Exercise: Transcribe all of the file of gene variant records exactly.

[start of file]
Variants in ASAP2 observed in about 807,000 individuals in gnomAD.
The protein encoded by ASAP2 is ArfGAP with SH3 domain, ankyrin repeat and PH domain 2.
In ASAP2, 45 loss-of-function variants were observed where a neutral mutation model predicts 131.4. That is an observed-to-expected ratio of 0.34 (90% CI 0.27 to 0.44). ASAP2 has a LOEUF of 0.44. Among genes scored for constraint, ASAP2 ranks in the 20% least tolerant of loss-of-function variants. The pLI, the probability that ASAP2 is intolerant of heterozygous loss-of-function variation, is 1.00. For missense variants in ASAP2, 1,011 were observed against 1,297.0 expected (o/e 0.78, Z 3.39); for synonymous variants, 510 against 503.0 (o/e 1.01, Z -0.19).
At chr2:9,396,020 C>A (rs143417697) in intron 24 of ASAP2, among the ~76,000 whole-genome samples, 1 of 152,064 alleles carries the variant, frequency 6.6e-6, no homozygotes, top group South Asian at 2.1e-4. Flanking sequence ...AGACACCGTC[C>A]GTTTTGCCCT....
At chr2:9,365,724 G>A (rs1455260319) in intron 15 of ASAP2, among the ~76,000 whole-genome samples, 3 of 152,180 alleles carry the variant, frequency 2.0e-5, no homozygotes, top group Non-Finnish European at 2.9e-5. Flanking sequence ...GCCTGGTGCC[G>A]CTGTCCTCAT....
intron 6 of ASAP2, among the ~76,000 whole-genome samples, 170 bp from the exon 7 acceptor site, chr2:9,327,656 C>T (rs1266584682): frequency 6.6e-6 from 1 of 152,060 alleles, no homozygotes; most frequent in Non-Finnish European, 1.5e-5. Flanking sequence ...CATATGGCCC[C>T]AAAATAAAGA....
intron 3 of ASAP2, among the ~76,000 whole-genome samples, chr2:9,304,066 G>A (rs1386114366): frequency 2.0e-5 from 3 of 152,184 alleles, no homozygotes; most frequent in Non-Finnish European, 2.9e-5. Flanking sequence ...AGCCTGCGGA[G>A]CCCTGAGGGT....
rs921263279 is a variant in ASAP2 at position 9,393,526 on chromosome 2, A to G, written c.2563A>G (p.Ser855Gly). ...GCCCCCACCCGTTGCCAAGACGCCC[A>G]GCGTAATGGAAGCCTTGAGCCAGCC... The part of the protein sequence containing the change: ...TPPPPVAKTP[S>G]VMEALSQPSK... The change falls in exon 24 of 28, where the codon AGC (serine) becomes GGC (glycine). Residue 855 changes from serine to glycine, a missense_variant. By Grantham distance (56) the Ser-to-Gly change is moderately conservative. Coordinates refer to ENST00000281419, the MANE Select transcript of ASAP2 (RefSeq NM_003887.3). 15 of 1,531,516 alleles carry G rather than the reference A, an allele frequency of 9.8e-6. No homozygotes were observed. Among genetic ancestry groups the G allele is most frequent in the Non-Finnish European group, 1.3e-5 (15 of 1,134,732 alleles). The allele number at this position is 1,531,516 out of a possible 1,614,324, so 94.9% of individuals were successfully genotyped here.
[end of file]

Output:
Variants in ASAP2 observed in about 807,000 individuals in gnomAD.
The protein encoded by ASAP2 is ArfGAP with SH3 domain, ankyrin repeat and PH domain 2.
In ASAP2, 45 loss-of-function variants were observed where a neutral mutation model predicts 131.4. That is an observed-to-expected ratio of 0.34 (90% CI 0.27 to 0.44). ASAP2 has a LOEUF of 0.44. Among genes scored for constraint, ASAP2 ranks in the 20% least tolerant of loss-of-function variants. The pLI, the probability that ASAP2 is intolerant of heterozygous loss-of-function variation, is 1.00. For missense variants in ASAP2, 1,011 were observed against 1,297.0 expected (o/e 0.78, Z 3.39); for synonymous variants, 510 against 503.0 (o/e 1.01, Z -0.19).
At chr2:9,396,020 C>A (rs143417697) in intron 24 of ASAP2, among the ~76,000 whole-genome samples, 1 of 152,064 alleles carries the variant, frequency 6.6e-6, no homozygotes, top group South Asian at 2.1e-4. Flanking sequence ...AGACACCGTC[C>A]GTTTTGCCCT....
At chr2:9,365,724 G>A (rs1455260319) in intron 15 of ASAP2, among the ~76,000 whole-genome samples, 3 of 152,180 alleles carry the variant, frequency 2.0e-5, no homozygotes, top group Non-Finnish European at 2.9e-5. Flanking sequence ...GCCTGGTGCC[G>A]CTGTCCTCAT....
intron 6 of ASAP2, among the ~76,000 whole-genome samples, 170 bp from the exon 7 acceptor site, chr2:9,327,656 C>T (rs1266584682): frequency 6.6e-6 from 1 of 152,060 alleles, no homozygotes; most frequent in Non-Finnish European, 1.5e-5. Flanking sequence ...CATATGGCCC[C>T]AAAATAAAGA....
intron 3 of ASAP2, among the ~76,000 whole-genome samples, chr2:9,304,066 G>A (rs1386114366): frequency 2.0e-5 from 3 of 152,184 alleles, no homozygotes; most frequent in Non-Finnish European, 2.9e-5. Flanking sequence ...AGCCTGCGGA[G>A]CCCTGAGGGT....
rs921263279 is a variant in ASAP2 at position 9,393,526 on chromosome 2, A to G, written c.2563A>G (p.Ser855Gly). ...GCCCCCACCCGTTGCCAAGACGCCC[A>G]GCGTAATGGAAGCCTTGAGCCAGCC... The part of the protein sequence containing the change: ...TPPPPVAKTP[S>G]VMEALSQPSK... The change falls in exon 24 of 28, where the codon AGC (serine) becomes GGC (glycine). Residue 855 changes from serine to glycine, a missense_variant. By Grantham distance (56) the Ser-to-Gly change is moderately conservative. Coordinates refer to ENST00000281419, the MANE Select transcript of ASAP2 (RefSeq NM_003887.3). 15 of 1,531,516 alleles carry G rather than the reference A, an allele frequency of 9.8e-6. No homozygotes were observed. Among genetic ancestry groups the G allele is most frequent in the Non-Finnish European group, 1.3e-5 (15 of 1,134,732 alleles). The allele number at this position is 1,531,516 out of a possible 1,614,324, so 94.9% of individuals were successfully genotyped here.